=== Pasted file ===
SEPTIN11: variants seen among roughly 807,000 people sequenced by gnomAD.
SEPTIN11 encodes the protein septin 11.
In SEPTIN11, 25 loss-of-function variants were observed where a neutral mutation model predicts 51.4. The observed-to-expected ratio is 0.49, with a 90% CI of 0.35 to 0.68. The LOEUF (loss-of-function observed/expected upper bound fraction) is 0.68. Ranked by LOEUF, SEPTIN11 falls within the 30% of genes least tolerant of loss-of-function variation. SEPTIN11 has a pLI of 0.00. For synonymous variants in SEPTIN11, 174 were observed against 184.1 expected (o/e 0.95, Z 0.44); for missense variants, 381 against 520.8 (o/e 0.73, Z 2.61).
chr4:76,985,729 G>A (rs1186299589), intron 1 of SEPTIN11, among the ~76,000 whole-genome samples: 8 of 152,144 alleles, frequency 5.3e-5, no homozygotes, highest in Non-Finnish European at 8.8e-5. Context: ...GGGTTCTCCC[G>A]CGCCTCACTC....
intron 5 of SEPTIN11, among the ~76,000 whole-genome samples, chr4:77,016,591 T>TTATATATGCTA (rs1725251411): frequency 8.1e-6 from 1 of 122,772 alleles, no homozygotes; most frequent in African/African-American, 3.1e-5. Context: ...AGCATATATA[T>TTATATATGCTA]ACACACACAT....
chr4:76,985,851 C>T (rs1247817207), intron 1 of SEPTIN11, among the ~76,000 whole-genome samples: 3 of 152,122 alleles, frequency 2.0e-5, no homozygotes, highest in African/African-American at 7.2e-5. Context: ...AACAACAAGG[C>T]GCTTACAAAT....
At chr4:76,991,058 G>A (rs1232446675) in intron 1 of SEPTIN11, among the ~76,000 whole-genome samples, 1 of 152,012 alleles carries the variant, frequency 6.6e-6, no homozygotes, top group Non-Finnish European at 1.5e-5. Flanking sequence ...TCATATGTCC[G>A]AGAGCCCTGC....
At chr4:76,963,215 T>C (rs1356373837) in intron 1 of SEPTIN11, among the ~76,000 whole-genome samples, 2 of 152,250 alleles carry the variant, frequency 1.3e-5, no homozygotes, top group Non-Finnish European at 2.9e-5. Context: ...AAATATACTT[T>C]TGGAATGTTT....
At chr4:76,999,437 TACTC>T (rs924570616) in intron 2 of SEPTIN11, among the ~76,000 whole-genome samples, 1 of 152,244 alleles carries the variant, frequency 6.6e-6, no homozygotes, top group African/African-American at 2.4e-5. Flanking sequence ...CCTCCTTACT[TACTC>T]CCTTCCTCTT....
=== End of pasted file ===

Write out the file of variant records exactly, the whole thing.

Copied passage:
SEPTIN11: variants seen among roughly 807,000 people sequenced by gnomAD.
SEPTIN11 encodes the protein septin 11.
In SEPTIN11, 25 loss-of-function variants were observed where a neutral mutation model predicts 51.4. The observed-to-expected ratio is 0.49, with a 90% CI of 0.35 to 0.68. The LOEUF (loss-of-function observed/expected upper bound fraction) is 0.68. Ranked by LOEUF, SEPTIN11 falls within the 30% of genes least tolerant of loss-of-function variation. SEPTIN11 has a pLI of 0.00. For synonymous variants in SEPTIN11, 174 were observed against 184.1 expected (o/e 0.95, Z 0.44); for missense variants, 381 against 520.8 (o/e 0.73, Z 2.61).
chr4:76,985,729 G>A (rs1186299589), intron 1 of SEPTIN11, among the ~76,000 whole-genome samples: 8 of 152,144 alleles, frequency 5.3e-5, no homozygotes, highest in Non-Finnish European at 8.8e-5. Context: ...GGGTTCTCCC[G>A]CGCCTCACTC....
intron 5 of SEPTIN11, among the ~76,000 whole-genome samples, chr4:77,016,591 T>TTATATATGCTA (rs1725251411): frequency 8.1e-6 from 1 of 122,772 alleles, no homozygotes; most frequent in African/African-American, 3.1e-5. Context: ...AGCATATATA[T>TTATATATGCTA]ACACACACAT....
chr4:76,985,851 C>T (rs1247817207), intron 1 of SEPTIN11, among the ~76,000 whole-genome samples: 3 of 152,122 alleles, frequency 2.0e-5, no homozygotes, highest in African/African-American at 7.2e-5. Context: ...AACAACAAGG[C>T]GCTTACAAAT....
At chr4:76,991,058 G>A (rs1232446675) in intron 1 of SEPTIN11, among the ~76,000 whole-genome samples, 1 of 152,012 alleles carries the variant, frequency 6.6e-6, no homozygotes, top group Non-Finnish European at 1.5e-5. Flanking sequence ...TCATATGTCC[G>A]AGAGCCCTGC....
At chr4:76,963,215 T>C (rs1356373837) in intron 1 of SEPTIN11, among the ~76,000 whole-genome samples, 2 of 152,250 alleles carry the variant, frequency 1.3e-5, no homozygotes, top group Non-Finnish European at 2.9e-5. Context: ...AAATATACTT[T>C]TGGAATGTTT....
At chr4:76,999,437 TACTC>T (rs924570616) in intron 2 of SEPTIN11, among the ~76,000 whole-genome samples, 1 of 152,244 alleles carries the variant, frequency 6.6e-6, no homozygotes, top group African/African-American at 2.4e-5. Flanking sequence ...CCTCCTTACT[TACTC>T]CCTTCCTCTT....